Retirement » Pension

The pension buy back dilemma

Pension buy back really applies to those individuals who are part of a defined benefit pension plan and who may have missed out on some years of contribution service. Some examples might include a maternity leave, sabbatical, leave of absence or war service.

Buying credit improves your pension

There are only three ways to increase your pension plan income.

  1. Increase your income. In defined benefit plans, your pension income is closely tied to your earnings. Some plans look at your average earnings over the lifetime of your employment. Others take an average of the most recent years, like your last 5 years. Some might average your highest earnings. Whatever the case, you can’t go backwards and change the past.
  2. Get older. Age is often a contributor to something called the pension factor. For example, it is usually your years of service added to your age which will get you a higher pension factor. This might mean you will get a higher pension or it may also allow you to retire sooner with no reduction or penalties.
  3. More years of service. Obviously the last way is to increase your years of service by working longer. This is where the pension buy back can come in handy because you can go backwards and buy back years of service so you do not have to work longer.

Buying back pension credit provides you with the most pension you can have and can allow you to retire sooner. The more credit you accumulate, the greater your pension.

Doing the math

Whenever you are faced with the dilemma to buy back pension, it is important that you simply look at the numbers. You need to know if the cost now is worth the increased pension? The best way to find out is to compare the difference between what your pension will be-with and without your service purchase-at your normal retirement age.

There are no rules of thumb

The cost is unique to each individual. It depends on your age, your present salary, when the service you want to buy occurred amongst other things. The cost of a buy-back is the “actuarial value” of the service you’re purchasing – how much the future benefit is worth in today’s dollars.

Other issues to consider

When it comes to the buy back dilemma, the numbers will be the biggest determining factor. That being said, there are a myriad of other issues that will affect your decision to buy back pension. Consider some of these issues:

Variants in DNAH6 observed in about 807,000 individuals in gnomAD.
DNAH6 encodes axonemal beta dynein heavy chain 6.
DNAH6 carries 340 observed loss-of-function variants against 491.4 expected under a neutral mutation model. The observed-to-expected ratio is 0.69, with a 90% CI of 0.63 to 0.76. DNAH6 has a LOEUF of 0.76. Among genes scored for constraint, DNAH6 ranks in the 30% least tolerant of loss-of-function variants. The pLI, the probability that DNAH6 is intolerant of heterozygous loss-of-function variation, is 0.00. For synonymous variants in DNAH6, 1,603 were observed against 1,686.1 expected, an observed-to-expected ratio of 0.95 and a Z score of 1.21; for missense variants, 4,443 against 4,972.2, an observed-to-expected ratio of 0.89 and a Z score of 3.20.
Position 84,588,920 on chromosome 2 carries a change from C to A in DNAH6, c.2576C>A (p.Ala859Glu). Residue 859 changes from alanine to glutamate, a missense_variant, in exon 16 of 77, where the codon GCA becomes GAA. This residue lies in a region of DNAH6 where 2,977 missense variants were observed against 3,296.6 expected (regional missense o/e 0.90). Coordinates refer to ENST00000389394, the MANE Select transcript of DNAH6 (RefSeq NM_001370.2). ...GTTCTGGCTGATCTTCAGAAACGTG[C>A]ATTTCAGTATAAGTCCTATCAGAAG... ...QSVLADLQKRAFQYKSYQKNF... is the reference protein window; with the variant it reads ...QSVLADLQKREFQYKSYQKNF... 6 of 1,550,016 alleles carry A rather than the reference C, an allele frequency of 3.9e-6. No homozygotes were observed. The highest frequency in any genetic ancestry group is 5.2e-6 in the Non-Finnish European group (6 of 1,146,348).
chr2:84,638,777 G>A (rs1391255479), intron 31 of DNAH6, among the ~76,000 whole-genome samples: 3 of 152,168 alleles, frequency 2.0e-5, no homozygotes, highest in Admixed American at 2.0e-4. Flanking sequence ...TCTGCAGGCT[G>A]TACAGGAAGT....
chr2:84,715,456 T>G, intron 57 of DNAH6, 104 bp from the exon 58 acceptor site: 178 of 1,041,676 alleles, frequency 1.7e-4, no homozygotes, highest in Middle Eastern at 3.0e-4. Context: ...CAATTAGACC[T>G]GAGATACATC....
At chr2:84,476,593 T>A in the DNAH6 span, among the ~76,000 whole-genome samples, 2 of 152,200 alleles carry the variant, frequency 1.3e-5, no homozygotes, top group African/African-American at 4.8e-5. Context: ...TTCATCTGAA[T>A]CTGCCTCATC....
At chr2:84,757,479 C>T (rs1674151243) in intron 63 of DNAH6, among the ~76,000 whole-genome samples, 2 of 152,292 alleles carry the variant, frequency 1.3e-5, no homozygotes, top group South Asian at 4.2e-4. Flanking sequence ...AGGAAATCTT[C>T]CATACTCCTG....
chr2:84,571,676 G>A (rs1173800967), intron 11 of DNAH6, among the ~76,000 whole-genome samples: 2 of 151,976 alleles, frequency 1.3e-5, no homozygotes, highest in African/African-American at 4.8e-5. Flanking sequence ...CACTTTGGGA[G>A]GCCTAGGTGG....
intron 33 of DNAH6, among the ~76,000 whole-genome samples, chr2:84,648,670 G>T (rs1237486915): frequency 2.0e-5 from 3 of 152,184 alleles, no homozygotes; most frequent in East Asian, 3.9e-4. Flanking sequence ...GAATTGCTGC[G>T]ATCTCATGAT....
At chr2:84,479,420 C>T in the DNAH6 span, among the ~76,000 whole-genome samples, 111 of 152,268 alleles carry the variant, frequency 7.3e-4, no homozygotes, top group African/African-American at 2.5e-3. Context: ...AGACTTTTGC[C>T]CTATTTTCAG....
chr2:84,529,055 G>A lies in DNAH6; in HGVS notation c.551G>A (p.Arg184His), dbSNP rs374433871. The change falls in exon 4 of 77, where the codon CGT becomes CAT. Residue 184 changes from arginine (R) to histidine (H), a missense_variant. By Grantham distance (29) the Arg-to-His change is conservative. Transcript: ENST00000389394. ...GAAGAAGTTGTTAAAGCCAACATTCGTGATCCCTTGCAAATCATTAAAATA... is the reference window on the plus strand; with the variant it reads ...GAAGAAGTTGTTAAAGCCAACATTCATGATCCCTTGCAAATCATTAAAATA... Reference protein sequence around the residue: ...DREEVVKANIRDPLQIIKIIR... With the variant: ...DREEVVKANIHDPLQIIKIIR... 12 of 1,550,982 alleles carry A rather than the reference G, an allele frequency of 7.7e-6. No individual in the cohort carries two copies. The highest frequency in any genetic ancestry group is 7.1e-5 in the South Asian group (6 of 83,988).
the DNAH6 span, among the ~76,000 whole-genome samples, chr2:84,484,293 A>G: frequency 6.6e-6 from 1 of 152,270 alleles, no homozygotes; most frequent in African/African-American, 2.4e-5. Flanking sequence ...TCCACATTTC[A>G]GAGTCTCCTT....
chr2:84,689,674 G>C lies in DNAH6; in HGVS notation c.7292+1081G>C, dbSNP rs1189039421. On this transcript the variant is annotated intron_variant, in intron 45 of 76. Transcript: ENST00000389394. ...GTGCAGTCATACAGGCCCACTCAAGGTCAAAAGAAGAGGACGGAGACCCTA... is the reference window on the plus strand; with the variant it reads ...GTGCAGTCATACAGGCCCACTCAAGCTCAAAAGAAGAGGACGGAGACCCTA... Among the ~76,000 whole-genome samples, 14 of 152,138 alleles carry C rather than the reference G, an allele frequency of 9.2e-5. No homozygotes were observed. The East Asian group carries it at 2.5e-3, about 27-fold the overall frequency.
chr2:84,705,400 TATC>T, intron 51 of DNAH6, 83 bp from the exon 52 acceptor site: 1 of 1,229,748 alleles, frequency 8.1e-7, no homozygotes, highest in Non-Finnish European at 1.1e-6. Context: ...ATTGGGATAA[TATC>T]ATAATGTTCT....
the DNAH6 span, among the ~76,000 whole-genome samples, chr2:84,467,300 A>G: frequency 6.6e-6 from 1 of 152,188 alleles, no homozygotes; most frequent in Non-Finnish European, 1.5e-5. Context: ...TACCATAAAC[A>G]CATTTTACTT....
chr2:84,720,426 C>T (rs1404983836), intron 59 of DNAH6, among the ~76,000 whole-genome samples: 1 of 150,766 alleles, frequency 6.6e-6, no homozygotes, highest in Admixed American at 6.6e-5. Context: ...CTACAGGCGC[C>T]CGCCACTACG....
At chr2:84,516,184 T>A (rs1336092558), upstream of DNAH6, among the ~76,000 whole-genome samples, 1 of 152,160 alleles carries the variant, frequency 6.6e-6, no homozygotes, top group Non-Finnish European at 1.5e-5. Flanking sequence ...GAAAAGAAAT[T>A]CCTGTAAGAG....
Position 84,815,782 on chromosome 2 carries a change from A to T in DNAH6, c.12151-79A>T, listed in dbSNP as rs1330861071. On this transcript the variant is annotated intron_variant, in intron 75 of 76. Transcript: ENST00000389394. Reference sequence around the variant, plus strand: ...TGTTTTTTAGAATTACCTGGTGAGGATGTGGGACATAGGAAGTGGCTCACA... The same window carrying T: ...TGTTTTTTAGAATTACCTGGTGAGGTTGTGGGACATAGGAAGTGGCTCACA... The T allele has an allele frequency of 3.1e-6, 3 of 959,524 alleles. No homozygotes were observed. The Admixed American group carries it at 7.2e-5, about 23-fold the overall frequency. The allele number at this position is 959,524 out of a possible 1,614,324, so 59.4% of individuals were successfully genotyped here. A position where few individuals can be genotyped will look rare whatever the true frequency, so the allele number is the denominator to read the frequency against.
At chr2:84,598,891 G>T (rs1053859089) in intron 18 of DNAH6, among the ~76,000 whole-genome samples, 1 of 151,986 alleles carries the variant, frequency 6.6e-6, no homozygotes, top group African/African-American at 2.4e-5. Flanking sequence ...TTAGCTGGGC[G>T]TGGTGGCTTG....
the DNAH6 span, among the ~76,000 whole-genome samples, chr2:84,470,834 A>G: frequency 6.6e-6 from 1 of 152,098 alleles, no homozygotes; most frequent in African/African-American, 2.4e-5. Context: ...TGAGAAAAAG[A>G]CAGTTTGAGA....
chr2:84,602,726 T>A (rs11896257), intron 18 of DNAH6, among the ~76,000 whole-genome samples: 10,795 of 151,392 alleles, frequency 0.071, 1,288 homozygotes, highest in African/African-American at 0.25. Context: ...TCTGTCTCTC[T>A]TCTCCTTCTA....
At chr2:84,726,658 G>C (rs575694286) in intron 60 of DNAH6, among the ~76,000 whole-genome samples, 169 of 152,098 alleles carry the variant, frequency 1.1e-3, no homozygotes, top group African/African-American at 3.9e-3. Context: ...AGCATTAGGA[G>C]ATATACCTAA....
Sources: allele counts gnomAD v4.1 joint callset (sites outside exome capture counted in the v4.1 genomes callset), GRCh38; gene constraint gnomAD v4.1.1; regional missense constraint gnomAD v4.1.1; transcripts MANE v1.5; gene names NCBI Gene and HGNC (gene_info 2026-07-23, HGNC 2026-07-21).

1. Length of tenure. The longer you work for the same employer under a defined benefit plan, the more likely it will be that buying back pensionable years will be the best investment you can make. Defined benefit plans reward longer-term employees.
  2. Employer contributions. In most cases, buying back years of service also means that your employer will be making some contributions to your pension.
  3. Can you afford the cost? Obviously, this is one of the biggest issues. Often employers will help by allowing you to buy back the pension over a period of time rather than being forced to come up with one lump sum. If you have money in your RRSPs, you can also transfer the RRSP into the pension to buy back years of service.
  4. Estate planning. Pension plans will often provide some income to a spouse but the pension will not be passed on to your children. With RRSPs, there is an estate provided to beneficiaries other than your spouse.
  5. Flexibility and liquidity. As much as pensions are the cornerstone of retirement income for those belonging to a defined benefit plan, you will have greater flexibility and liquidity with other types of retirement savings like RRSPs. Pension funds are more restrictive.
  6. Time. Buying back pension later will result in a higher cost. The sooner you buy back pension, the less costly it will be. This is simply the time value of money.
  7. Life expectancy. Remember that pension income will pay for as long as you live no matter how long you live for. Although no one knows when they are going to die, keep in mind that if you think longevity is on your side, anything to do with the pension will weigh in your favour.

There you have some important considerations to think about if you are faced with the decision to buy back your pension. Most employers have calculators to help you make this decision. Alternatively, look for a retirement expert to help you make the best decision for your circumstances.


  1. jim

    please can you tel me what is the different between OAS and canada basic pension plan

  2. Alison

    Hi – very informative, thank you.

    Do you know if a member of a defined benefit plan can purchase service which was “lost” as a result of giving an ex-spouse a proportionate share of the total service? For example, when I divorced my ex got 2 year, 8 months of my total service. I know one can buy back service lost due to being off on LTD.

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